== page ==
Posted by novometro on November 19, 2007
There’s more bad news on the Measure Y beat. It’s well known that the Violence Prevention and Public Safety Act approved by Oakland voters in 2004 has failed to deliver the promised increase in sworn officers. But a rather thin report from the City Administrator shows that there has been no corresponding difficulty finding bureaucrats to gorge at the Measure Y trough.
Of the $20 million spent on Measure Y annually, around 5 percent goes to the equivalent of around 10 full-time employees “charged to Measure Y funds.” The roughly $1.2 million in salaries includes six positions dedicated 100 percent to the administration of the failing measure. Still, this might not be enough City Hall employees to get the job done.
Jeff Baker, the person in the city administrator’s office whose full-time job is making sure the Measure Y Oversight Committee operates smoothly, did not find the time to post the agenda to Monday’s committee meeting as the law requires. The assistant to the City Administrator may want to consider hiring an assistant himself. The cops can’t seem to find anyone willing to take the money.
But bureaucratic bloat is to be expected at Oakland City Hall. The real sad news at Monday’s meeting comes from a 229-page report from Berkeley Policy Associates and the RAND Corporation. The researchers made a detailed evaluation of Measure Y’s various programs and found that “the effectiveness of Measure Y implementation is not altogether positive.”
There is one piece of good news for Oakland City Hall news junkies. Monday night’s meeting of the oversight committee will be the first to be broadcast live on KTOP. If you don’t have cable television, you can watch streaming video here.
What: Measure Y Oversight Committee Regular Meeting
When: Monday, November 19 6:30 pm
Where: Hearing Room One, First Floor of City Hall
Posted in Oakland | 7 Comments »
Posted by novometro on November 15, 2007
Earlier this month, Oakland police brass told the City Council that no one has a clue how long it will take for the police department to reach the mandated force level of 803 sworn officers. As anyone who has been paying even casual attention to the city’s rising crime rate knows, OPD is about 70 cops shy of that goal. OPD’s research predicts that in 2009 Oakland will still not have the police department voters asked for when they approved Measure Y in 2004. To paraphrase Donald Rumsfeld, we are in Oakland with the police force we have, not the police force we want.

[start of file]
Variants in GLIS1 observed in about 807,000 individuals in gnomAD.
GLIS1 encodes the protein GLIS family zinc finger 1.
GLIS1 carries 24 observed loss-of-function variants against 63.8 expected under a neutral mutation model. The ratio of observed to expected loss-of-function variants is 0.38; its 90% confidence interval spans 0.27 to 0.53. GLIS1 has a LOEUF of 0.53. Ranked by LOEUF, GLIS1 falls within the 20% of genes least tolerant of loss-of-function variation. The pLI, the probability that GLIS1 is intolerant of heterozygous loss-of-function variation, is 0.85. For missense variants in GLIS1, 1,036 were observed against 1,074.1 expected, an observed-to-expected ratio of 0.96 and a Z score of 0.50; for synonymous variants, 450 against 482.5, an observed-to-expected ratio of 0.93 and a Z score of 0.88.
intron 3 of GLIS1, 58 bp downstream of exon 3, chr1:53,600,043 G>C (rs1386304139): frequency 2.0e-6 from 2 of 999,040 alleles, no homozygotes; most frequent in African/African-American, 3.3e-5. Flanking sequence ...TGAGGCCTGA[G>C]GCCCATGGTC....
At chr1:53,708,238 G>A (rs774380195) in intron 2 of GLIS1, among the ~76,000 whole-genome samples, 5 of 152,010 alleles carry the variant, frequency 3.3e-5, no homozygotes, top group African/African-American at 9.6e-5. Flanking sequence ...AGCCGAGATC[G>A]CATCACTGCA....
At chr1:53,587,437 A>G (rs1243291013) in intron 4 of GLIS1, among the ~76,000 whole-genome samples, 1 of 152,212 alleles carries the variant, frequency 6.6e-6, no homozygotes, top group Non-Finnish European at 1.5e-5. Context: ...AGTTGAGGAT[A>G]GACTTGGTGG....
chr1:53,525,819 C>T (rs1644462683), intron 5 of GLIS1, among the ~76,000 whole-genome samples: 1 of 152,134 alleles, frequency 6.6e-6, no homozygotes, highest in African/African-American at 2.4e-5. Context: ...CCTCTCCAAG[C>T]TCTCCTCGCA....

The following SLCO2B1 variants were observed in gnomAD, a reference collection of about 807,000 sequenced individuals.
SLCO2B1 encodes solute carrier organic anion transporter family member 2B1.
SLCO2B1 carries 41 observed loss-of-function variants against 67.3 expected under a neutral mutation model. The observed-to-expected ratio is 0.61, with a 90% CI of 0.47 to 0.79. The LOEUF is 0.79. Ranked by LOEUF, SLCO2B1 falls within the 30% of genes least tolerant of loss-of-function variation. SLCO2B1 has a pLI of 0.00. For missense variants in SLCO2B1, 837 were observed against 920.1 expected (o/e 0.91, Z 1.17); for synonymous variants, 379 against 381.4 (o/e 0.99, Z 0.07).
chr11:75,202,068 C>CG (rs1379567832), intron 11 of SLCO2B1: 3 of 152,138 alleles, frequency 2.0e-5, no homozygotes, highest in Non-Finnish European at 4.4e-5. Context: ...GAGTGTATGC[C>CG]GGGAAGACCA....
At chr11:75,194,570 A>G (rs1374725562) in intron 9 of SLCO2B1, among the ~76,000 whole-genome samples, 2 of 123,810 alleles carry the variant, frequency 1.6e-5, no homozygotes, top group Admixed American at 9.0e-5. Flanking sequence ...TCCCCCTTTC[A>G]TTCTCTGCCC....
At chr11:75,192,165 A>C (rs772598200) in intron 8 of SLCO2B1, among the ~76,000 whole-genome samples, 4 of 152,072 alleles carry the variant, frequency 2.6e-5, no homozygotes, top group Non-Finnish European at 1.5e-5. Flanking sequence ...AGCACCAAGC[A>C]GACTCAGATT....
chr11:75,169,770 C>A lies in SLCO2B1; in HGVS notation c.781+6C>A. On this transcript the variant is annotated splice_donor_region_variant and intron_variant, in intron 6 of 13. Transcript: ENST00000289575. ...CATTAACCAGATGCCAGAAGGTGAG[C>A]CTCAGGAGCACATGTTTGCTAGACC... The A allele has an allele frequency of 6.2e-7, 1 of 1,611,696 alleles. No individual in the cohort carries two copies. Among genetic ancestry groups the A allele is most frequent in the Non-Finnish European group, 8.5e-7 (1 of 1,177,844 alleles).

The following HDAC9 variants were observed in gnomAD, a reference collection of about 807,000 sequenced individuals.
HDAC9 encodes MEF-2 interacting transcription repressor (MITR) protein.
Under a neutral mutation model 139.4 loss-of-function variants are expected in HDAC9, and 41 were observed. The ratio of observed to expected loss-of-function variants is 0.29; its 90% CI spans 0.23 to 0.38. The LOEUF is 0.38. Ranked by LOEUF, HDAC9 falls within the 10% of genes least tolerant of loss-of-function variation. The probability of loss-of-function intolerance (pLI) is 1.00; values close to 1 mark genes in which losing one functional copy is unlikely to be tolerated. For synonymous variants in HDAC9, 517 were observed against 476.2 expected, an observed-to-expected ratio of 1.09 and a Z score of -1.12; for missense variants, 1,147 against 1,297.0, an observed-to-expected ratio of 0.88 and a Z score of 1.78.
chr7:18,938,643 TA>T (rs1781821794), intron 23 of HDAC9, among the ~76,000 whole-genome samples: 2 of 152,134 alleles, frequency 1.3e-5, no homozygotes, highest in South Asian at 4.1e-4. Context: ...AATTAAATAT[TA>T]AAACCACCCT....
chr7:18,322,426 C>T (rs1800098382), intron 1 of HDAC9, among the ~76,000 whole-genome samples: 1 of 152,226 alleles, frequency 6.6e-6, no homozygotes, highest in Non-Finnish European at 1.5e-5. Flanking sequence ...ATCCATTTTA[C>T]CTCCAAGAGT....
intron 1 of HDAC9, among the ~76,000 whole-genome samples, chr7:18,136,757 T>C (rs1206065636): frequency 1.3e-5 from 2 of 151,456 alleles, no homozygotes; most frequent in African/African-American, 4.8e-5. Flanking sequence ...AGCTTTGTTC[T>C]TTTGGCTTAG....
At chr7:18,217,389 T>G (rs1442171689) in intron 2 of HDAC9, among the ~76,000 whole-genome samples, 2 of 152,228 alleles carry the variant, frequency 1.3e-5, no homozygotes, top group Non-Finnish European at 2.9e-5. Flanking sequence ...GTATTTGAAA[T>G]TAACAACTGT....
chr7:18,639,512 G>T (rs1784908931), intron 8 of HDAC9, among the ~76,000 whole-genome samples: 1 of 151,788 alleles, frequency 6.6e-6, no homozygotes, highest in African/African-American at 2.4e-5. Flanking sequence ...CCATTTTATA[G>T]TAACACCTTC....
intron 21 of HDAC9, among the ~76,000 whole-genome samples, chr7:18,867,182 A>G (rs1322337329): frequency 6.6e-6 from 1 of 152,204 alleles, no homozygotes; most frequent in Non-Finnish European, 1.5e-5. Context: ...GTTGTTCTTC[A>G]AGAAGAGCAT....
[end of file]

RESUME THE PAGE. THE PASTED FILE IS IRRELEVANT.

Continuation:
It’s time to recognize that, at least for the next two years, Oakland will have to fight crime with an undermanned, and demoralized police force. It’s pointless to squeal incessantly that Oakland needs 1,100 cops, or attack a youth center that youth actually like going to.
Instead, the Oakland Police Department, City Hall, and citizens determined to feel safer in their city, should set goals that have a prayer of being reached. As a model, there’s Nashville.
V Smoothe at A Better Oakland crunched the numbers this week, and showed that Oakland is the fourth most violent big city in the country. It also has the smallest police force of the 10 most violent big cities. Only Nashville is in that unfortunate list with a comparable number of sworn officers. We have 18 sworn officers for every 10,000 residents. Nashville has 21.
But there’s a difference. Nashville also recorded fewer violent crimes in 2006, according to numbers V Smoothe got from the United States Department of Justice. In Nashville, there were 153 violent crimes for every 10,000 residents. Oakland had 191.
Somehow, Nashville, a less eduacated and less wealthy city than Oakland, is doing more with less. If Oakland were able to bring its violent crime rate to Nashville levels, it would represent a drop of nearly 18 percent. Over the course of a year, that’s 1,600 fewer armed robberies, rapes, and murders.
The mayor and the police chief say that putting the police department on a 12-hour shift, and reorganizing command to a geographic division will improve policing in Oakland. City Hall and police brass should put a number to this promise. Committing to cut violent crime by 18 percent in two years is a fair place to start.
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